Certainly, Gell’s theory seems excessively broad, and yet, even with Morphy’s caveats, the question of theorizing the agency of matter – or more specifically, the intersection of human and material agency – remains a vexing problem for both Moprhy and Gell. Indeed, it is worth noting the affinities between Gell and Morphy’s theorizing of art and Nicole Boivan’s more general attempt to negotiate the relationship between the material and cognitive worlds. While Boivan is far less interested in the kind of categorical distinctions that occupy Gell and Morphy, her conclusions on the interconnection of the material and mental worlds end up looking remarkably similar.[37]

Like Morphy, Boivan sees material objects as being both integral to social relations, but also closely related to the ideational aspects of society, where it enters back into culture. For Morphy, this is one of the defining features of art: “art does not simply reflect culture (ie. act as a structural analogue for society) it is integral to the processes of its reproduction and transformation over time.”[38] In response to Gell’s suggestion that the art object is a mediating one, Morphy argues that:

Mediation is always a component of material cultural object but the mediating role is fundamental to art objects. They mediate between domains of existence, they mediate between artist and audience, and they mediate between an object that they are an index of and the person interacting with the object.[39]

This leads to one of Morphy’s key misinterpretations of Gell’s text.  While Gell argues that culture has no existence outside of social systems, Morphy is incorrect to assume that this means there is a direct relationship between object and index, or that “Gell’s objects are often simply social parrots.”[40] For Gell, the concept of agency is relational: for any agent there is a patient, and conversely, for any patient there is an agent. The work of art (index) is a patient with respect to the artist who made it, but is a patient with respect to the spectator who is moved by it.[41] Morphy’s criticism presumes that this is a direct relationship, and hence, he argues that Gell’s theory cannot extend to a theory of representation or semiosis.[42] This ignores the fact that the agency of the artist is necessarily abducted from the index (artwork), and hence the index is indispensible in this transaction. For Gell, abduction of agency cuts across the concept of meaning, for what the viewer abducts is never a ‘meaning’ but a system of actions. As a result, there is never a direct relationship between representation and meaning. If there is no space between the signifier and the signified, then there can be no abduction. We might compare this to Robert Sharf’s concept of irony, in which the art object is distinguished by the density of the relationship between signifier and signified.[43] For Gell, this indecipherability is precisely because we construe art objects as a system of signs that do not correspond to signifier and signified and which rely on the migration of agency.[44] It is this indeterminacy that MacGaffey picks up on in his analysis of nkisi nkondi. As MacGaffey notes, the minkisi is an:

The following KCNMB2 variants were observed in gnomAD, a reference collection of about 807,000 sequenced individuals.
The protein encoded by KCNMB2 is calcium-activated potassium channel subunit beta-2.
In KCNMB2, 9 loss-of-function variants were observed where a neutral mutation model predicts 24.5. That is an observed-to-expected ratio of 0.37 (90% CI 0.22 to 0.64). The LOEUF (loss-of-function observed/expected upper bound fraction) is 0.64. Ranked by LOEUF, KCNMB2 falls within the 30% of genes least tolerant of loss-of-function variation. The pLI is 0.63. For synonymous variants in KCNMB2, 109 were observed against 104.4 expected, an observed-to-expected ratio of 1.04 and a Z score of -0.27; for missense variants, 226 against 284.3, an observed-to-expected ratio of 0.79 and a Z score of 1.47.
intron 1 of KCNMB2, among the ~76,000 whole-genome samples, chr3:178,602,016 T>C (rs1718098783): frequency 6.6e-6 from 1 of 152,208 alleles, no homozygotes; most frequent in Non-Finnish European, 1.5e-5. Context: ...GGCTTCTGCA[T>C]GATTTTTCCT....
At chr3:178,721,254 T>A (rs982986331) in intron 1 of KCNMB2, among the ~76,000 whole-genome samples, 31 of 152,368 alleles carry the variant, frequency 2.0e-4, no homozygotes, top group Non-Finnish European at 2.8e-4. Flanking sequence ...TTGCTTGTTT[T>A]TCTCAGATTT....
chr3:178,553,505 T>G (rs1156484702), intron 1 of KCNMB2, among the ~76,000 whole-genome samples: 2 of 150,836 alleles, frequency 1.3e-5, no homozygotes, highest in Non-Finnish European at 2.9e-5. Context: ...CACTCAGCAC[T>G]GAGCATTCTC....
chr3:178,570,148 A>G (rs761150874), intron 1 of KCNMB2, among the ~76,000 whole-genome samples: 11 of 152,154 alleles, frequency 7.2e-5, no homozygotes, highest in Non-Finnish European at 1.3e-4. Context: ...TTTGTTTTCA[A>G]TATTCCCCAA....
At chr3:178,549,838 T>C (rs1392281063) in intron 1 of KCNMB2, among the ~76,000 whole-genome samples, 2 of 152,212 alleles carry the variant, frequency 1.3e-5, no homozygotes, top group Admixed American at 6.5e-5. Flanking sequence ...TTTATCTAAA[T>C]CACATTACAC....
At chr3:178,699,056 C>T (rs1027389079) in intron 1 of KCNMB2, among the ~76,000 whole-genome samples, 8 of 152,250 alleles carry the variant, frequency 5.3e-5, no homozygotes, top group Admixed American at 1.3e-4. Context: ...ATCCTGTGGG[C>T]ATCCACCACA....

Index of cumulative agency, a visible knot tying together an invisible skein of spatio-temporal relations of which the participants in the ritual are well aware … Minkisi are always ensembles of materials signifying, by there names, their appearance or their associations, the powers attributed to the whole.[45]

Nkisi NkondiMuseum of Fine Arts, Boston

Nkisi Nkondi
Museum of Fine Arts, Boston

According to MacGaffey, the effect of the nkisi nkondi is a result of the complex interplay between concealment and accumulation of meaning: “containment gives the impression that something may be hidden inside, and accumulation adds obscurity to make the secret evident.”[46] Essential to this “cognitive stickiness” however, is the art object itself, and MacGaffey notes that the sense of interiority and mystery were often heightened by impressive workmanship. Finely created minkisi were intended to arouse astonishment (ngiukulu), and it was widely held that sculptures admired for their art made more effective minkisi.[47] MacGaffey uses this to illustrate Gell’s theory of enchantment, through which works of formal complexity or technical virtuosity exert a power of fascination upon the viewer because the viewer is trapped in the indecipherability of the index.[48] However, to return to Morphy’s “how” question, Gell’s theory falls short of identifying the particular properties of objects that trigger these feelings of enchantment.[49] In one of the least satisfying sections of Art and Agency, while discussing complex patterns, Gell hints at the possibility that complex patterns might act something like a picture of agent-patient relationships.[50]

In an abstract picture one patch of colour seems to be ‘pushing against’ another patch of colour, even though there are no objects in the external world with which we can identify these patches of colour. The causal interaction we perceive is internal to the index itself … the parts of the index exert causal influence over one another and testify to the agency of the index as a whole.[51]